Serotonin Transporter Levels May Explain Winter Blues
TUESDAY Sept. 9, 2008 -- Fluctuations in serotonin transporter levels may explain why many people suffer the winter blues, say Canadian researchers.
In the first study of its kind, the team at the Centre for Addiction and Mental Health (CAMH) in Toronto used positron emission tomography (PET) to determine that brain levels of serotonin transporter are significantly higher in fall/winter than in spring/summer.
Serotonin is involved in regulating emotional functions such as mood and energy levels, and physical functions such as eating and energy balance.
Serotonin transporters remove serotonin, so the findings suggest there is more serotonin removal in the fall/winter than in the spring/summer, said the researchers. They also found that higher serotonin transporter binding (the process that removes serotonin) values occurred at times when there is less sunlight.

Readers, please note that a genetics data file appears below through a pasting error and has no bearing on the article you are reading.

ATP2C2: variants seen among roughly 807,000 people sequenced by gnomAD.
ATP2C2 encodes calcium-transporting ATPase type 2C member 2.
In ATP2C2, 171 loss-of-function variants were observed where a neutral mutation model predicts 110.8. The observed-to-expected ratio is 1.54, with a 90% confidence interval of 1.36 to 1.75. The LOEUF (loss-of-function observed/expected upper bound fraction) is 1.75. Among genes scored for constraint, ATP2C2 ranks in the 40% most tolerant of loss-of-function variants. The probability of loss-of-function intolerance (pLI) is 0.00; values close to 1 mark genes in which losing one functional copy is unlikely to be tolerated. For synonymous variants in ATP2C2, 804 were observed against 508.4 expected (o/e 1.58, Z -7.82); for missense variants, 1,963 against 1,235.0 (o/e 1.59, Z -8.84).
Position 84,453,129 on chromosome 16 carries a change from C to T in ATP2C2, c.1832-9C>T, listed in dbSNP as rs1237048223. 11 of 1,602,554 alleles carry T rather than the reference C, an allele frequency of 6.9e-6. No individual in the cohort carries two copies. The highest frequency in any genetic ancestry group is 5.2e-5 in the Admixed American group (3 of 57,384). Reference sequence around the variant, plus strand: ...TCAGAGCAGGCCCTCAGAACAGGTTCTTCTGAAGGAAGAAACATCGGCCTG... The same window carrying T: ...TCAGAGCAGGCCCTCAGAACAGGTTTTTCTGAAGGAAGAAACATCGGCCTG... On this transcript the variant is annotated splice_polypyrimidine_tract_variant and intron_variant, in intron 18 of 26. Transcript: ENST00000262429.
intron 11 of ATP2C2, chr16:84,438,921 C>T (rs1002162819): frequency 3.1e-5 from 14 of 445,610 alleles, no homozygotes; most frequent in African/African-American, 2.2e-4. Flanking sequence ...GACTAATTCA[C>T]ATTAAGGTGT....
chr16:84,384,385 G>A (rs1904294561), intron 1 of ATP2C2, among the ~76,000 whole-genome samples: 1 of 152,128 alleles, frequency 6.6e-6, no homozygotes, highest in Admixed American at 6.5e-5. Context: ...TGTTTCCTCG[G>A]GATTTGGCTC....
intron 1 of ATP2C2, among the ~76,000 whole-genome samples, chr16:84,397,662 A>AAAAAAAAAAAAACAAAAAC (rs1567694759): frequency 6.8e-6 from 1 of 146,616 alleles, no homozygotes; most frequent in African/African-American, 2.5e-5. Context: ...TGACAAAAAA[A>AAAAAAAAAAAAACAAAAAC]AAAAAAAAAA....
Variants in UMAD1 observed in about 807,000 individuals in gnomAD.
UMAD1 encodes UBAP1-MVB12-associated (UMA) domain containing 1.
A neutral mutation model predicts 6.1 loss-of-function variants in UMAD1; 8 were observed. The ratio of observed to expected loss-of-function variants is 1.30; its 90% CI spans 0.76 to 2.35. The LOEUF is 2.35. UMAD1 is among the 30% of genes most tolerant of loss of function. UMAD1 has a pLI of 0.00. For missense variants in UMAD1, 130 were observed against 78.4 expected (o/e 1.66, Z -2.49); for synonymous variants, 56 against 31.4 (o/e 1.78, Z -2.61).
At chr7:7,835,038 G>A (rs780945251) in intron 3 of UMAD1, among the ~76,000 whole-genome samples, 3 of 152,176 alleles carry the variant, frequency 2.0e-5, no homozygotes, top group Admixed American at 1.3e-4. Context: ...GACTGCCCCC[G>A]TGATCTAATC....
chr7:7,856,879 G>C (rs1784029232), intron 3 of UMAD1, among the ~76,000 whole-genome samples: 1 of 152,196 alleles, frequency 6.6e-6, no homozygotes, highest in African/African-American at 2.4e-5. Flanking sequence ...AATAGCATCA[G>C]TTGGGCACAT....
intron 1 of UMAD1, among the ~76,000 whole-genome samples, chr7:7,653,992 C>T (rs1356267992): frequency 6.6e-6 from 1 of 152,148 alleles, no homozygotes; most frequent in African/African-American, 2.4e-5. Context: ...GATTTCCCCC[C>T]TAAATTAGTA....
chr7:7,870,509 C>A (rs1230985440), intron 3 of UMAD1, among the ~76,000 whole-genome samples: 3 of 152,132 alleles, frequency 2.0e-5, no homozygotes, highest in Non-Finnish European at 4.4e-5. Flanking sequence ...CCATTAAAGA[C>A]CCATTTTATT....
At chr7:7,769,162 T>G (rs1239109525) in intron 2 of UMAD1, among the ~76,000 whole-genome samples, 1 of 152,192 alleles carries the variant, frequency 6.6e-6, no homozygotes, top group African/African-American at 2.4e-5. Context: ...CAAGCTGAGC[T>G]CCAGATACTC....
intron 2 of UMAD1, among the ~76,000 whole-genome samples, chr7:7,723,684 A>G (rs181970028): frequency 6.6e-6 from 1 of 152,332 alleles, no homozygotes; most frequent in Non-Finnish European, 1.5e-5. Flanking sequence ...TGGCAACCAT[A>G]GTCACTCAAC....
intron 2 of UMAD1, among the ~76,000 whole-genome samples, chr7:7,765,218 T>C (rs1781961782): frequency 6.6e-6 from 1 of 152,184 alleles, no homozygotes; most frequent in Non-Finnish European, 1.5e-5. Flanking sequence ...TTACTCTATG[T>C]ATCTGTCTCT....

The study -- the first to identify seasonal differences in brain levels of serotonin transporter levels -- may help improve understanding of seasonal mood changes in healthy people, vulnerability to seasonal affective mood disorders, and the relationship of light exposure to mood.
This is "an important lead in understanding how season changes serotonin levels. This offers an explanation for why some healthy people experience low mood and energy in the winter, and why there is a regular re-occurrence of depressive episodes in fall and winter in some vulnerable individuals. The next steps will be to understand what causes this change and how to interfere with it," study author Dr. Jeffrey Meyer said in a CAMH news release.
"Over the following years, we intend to determine the specifics of the environment [such as light exposure] that influence serotonin transporter levels so as to determine what is the optimal environment to prevent illness. In the future, it may be that just like we have lifestyle recommendations to prevent heart disease, we will have lifestyle recommendations to prevent major depressive disorder," Meyer said.
Posted: September 2008